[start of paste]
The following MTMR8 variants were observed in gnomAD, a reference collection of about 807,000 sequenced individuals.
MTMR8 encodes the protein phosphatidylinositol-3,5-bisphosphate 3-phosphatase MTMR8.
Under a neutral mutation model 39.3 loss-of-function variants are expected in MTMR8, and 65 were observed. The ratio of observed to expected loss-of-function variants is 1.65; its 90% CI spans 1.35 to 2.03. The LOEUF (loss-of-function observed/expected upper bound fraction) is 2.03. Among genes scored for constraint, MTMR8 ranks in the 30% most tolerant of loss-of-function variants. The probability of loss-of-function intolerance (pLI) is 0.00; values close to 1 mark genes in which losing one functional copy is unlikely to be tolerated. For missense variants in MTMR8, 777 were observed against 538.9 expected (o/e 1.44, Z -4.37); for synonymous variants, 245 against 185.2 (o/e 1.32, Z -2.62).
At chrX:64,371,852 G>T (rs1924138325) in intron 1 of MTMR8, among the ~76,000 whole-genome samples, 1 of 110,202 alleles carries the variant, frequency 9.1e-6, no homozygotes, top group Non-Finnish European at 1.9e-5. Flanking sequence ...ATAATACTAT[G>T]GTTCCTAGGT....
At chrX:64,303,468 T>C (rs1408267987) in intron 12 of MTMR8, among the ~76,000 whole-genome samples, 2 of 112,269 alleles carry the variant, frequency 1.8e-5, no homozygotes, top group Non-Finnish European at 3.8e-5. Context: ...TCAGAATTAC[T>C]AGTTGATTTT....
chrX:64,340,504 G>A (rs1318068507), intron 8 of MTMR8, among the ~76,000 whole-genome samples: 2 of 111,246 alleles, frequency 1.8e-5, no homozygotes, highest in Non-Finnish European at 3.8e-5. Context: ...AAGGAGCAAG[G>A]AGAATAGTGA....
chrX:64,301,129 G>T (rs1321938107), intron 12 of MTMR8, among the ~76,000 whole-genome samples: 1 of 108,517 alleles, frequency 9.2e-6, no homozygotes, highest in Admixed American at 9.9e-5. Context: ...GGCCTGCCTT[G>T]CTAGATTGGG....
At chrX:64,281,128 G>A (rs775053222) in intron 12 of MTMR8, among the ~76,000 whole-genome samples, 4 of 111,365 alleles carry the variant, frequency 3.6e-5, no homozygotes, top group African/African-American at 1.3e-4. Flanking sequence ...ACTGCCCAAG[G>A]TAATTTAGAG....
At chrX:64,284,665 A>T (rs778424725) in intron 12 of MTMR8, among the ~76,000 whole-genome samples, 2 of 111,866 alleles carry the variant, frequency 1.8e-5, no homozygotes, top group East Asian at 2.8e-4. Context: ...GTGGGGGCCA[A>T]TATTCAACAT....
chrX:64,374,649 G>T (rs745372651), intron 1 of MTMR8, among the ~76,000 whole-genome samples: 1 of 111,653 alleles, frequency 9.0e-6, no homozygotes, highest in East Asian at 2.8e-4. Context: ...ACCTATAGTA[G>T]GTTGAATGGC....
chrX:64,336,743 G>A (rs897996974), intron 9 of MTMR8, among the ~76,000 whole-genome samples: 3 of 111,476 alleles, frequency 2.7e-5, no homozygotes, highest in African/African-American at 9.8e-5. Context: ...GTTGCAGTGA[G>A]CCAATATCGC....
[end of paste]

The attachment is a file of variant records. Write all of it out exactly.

The following MTMR8 variants were observed in gnomAD, a reference collection of about 807,000 sequenced individuals.
MTMR8 encodes the protein phosphatidylinositol-3,5-bisphosphate 3-phosphatase MTMR8.
Under a neutral mutation model 39.3 loss-of-function variants are expected in MTMR8, and 65 were observed. The ratio of observed to expected loss-of-function variants is 1.65; its 90% CI spans 1.35 to 2.03. The LOEUF (loss-of-function observed/expected upper bound fraction) is 2.03. Among genes scored for constraint, MTMR8 ranks in the 30% most tolerant of loss-of-function variants. The probability of loss-of-function intolerance (pLI) is 0.00; values close to 1 mark genes in which losing one functional copy is unlikely to be tolerated. For missense variants in MTMR8, 777 were observed against 538.9 expected (o/e 1.44, Z -4.37); for synonymous variants, 245 against 185.2 (o/e 1.32, Z -2.62).
At chrX:64,371,852 G>T (rs1924138325) in intron 1 of MTMR8, among the ~76,000 whole-genome samples, 1 of 110,202 alleles carries the variant, frequency 9.1e-6, no homozygotes, top group Non-Finnish European at 1.9e-5. Flanking sequence ...ATAATACTAT[G>T]GTTCCTAGGT....
At chrX:64,303,468 T>C (rs1408267987) in intron 12 of MTMR8, among the ~76,000 whole-genome samples, 2 of 112,269 alleles carry the variant, frequency 1.8e-5, no homozygotes, top group Non-Finnish European at 3.8e-5. Context: ...TCAGAATTAC[T>C]AGTTGATTTT....
chrX:64,340,504 G>A (rs1318068507), intron 8 of MTMR8, among the ~76,000 whole-genome samples: 2 of 111,246 alleles, frequency 1.8e-5, no homozygotes, highest in Non-Finnish European at 3.8e-5. Context: ...AAGGAGCAAG[G>A]AGAATAGTGA....
chrX:64,301,129 G>T (rs1321938107), intron 12 of MTMR8, among the ~76,000 whole-genome samples: 1 of 108,517 alleles, frequency 9.2e-6, no homozygotes, highest in Admixed American at 9.9e-5. Context: ...GGCCTGCCTT[G>T]CTAGATTGGG....
At chrX:64,281,128 G>A (rs775053222) in intron 12 of MTMR8, among the ~76,000 whole-genome samples, 4 of 111,365 alleles carry the variant, frequency 3.6e-5, no homozygotes, top group African/African-American at 1.3e-4. Flanking sequence ...ACTGCCCAAG[G>A]TAATTTAGAG....
At chrX:64,284,665 A>T (rs778424725) in intron 12 of MTMR8, among the ~76,000 whole-genome samples, 2 of 111,866 alleles carry the variant, frequency 1.8e-5, no homozygotes, top group East Asian at 2.8e-4. Context: ...GTGGGGGCCA[A>T]TATTCAACAT....
chrX:64,374,649 G>T (rs745372651), intron 1 of MTMR8, among the ~76,000 whole-genome samples: 1 of 111,653 alleles, frequency 9.0e-6, no homozygotes, highest in East Asian at 2.8e-4. Context: ...ACCTATAGTA[G>T]GTTGAATGGC....
chrX:64,336,743 G>A (rs897996974), intron 9 of MTMR8, among the ~76,000 whole-genome samples: 3 of 111,476 alleles, frequency 2.7e-5, no homozygotes, highest in African/African-American at 9.8e-5. Context: ...GTTGCAGTGA[G>A]CCAATATCGC....